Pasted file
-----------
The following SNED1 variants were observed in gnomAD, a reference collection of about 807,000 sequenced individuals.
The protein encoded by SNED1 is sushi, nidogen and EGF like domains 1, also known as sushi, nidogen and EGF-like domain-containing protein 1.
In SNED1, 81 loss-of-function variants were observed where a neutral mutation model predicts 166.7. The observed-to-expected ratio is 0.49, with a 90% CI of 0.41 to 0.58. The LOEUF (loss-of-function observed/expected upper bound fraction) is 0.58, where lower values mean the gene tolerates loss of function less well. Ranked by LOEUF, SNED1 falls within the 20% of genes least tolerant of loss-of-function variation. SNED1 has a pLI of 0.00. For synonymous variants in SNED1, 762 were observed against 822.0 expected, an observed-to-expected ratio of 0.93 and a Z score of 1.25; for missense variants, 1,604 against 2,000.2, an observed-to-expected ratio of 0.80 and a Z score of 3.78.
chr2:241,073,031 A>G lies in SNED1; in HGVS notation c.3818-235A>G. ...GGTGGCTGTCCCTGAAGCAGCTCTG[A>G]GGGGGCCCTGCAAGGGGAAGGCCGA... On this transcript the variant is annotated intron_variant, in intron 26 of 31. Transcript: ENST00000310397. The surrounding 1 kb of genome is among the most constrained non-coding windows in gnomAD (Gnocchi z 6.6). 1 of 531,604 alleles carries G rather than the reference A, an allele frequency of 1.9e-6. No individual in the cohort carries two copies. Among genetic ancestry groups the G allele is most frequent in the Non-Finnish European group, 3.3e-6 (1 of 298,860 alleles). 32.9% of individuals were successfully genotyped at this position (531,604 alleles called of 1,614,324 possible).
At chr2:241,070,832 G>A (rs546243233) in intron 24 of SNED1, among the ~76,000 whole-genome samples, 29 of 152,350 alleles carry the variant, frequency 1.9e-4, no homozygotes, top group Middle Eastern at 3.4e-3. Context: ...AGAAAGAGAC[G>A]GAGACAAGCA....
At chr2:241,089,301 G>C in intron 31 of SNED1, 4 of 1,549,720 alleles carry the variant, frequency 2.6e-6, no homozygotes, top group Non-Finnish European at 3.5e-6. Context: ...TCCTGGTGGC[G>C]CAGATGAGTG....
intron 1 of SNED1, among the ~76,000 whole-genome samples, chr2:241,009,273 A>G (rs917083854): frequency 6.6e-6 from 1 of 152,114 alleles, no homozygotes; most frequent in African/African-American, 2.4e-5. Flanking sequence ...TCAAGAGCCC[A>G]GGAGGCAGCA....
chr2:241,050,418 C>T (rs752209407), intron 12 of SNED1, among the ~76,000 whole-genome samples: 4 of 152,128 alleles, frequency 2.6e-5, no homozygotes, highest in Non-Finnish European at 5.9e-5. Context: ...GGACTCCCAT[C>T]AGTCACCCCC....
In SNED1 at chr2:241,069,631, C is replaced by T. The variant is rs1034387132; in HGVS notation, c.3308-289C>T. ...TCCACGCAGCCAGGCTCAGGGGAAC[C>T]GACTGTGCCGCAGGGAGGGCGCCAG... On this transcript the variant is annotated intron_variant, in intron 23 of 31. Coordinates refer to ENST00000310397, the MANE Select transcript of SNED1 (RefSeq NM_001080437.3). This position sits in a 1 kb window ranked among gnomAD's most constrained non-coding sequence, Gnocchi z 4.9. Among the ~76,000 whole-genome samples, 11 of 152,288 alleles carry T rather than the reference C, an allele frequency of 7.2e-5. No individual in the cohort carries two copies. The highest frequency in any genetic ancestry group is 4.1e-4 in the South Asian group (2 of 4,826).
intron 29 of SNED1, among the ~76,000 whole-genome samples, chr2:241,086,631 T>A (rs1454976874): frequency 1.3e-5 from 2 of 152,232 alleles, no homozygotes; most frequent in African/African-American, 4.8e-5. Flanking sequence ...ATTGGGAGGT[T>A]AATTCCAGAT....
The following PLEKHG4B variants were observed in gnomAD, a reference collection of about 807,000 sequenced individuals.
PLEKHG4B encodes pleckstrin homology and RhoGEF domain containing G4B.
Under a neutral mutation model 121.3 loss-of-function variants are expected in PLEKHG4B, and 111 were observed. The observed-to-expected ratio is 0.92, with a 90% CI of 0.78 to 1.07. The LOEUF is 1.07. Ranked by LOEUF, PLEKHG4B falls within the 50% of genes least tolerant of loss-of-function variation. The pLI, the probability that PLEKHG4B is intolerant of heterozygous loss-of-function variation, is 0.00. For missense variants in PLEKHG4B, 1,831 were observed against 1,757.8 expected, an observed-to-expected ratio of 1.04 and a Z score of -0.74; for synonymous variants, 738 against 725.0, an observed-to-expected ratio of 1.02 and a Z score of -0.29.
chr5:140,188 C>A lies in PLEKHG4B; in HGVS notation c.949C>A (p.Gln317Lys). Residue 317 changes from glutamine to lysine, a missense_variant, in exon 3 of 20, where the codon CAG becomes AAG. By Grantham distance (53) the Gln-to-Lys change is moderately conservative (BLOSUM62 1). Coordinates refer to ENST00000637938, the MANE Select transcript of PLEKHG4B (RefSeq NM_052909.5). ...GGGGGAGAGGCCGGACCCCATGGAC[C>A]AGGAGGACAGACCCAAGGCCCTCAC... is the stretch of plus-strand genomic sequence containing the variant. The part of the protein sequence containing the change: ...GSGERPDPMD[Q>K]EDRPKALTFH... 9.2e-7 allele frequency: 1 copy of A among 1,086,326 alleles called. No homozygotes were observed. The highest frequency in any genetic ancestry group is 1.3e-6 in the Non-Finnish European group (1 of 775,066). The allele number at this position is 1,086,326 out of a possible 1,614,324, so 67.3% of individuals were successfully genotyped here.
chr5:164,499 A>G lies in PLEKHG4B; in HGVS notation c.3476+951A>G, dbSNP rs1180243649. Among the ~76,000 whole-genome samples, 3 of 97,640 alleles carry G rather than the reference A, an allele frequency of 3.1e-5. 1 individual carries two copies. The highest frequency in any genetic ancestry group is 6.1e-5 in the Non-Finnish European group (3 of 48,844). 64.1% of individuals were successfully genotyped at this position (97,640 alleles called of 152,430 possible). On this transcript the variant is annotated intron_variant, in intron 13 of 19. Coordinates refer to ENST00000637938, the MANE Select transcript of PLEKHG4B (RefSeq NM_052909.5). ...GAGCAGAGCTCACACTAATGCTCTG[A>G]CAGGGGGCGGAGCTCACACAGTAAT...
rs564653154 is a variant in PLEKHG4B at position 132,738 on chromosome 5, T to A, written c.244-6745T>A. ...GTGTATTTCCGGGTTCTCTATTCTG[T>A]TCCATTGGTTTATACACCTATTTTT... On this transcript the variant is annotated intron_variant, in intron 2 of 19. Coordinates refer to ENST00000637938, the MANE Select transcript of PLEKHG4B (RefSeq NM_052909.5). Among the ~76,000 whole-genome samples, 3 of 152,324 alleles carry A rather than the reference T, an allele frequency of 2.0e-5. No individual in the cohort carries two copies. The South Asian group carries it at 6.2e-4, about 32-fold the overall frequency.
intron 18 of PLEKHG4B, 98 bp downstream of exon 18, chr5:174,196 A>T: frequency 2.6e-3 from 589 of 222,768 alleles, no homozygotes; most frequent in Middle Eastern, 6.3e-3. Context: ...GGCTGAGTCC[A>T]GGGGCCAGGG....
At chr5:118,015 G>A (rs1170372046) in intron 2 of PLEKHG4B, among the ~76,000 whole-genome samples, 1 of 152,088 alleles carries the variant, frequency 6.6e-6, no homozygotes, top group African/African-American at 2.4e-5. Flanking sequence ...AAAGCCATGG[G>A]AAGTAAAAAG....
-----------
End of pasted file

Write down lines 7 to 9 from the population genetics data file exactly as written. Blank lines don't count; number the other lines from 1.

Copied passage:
intron 1 of SNED1, among the ~76,000 whole-genome samples, chr2:241,009,273 A>G (rs917083854): frequency 6.6e-6 from 1 of 152,114 alleles, no homozygotes; most frequent in African/African-American, 2.4e-5. Flanking sequence ...TCAAGAGCCC[A>G]GGAGGCAGCA....
chr2:241,050,418 C>T (rs752209407), intron 12 of SNED1, among the ~76,000 whole-genome samples: 4 of 152,128 alleles, frequency 2.6e-5, no homozygotes, highest in Non-Finnish European at 5.9e-5. Context: ...GGACTCCCAT[C>T]AGTCACCCCC....
In SNED1 at chr2:241,069,631, C is replaced by T. The variant is rs1034387132; in HGVS notation, c.3308-289C>T. ...TCCACGCAGCCAGGCTCAGGGGAAC[C>T]GACTGTGCCGCAGGGAGGGCGCCAG... On this transcript the variant is annotated intron_variant, in intron 23 of 31. Coordinates refer to ENST00000310397, the MANE Select transcript of SNED1 (RefSeq NM_001080437.3). This position sits in a 1 kb window ranked among gnomAD's most constrained non-coding sequence, Gnocchi z 4.9. Among the ~76,000 whole-genome samples, 11 of 152,288 alleles carry T rather than the reference C, an allele frequency of 7.2e-5. No individual in the cohort carries two copies. The highest frequency in any genetic ancestry group is 4.1e-4 in the South Asian group (2 of 4,826).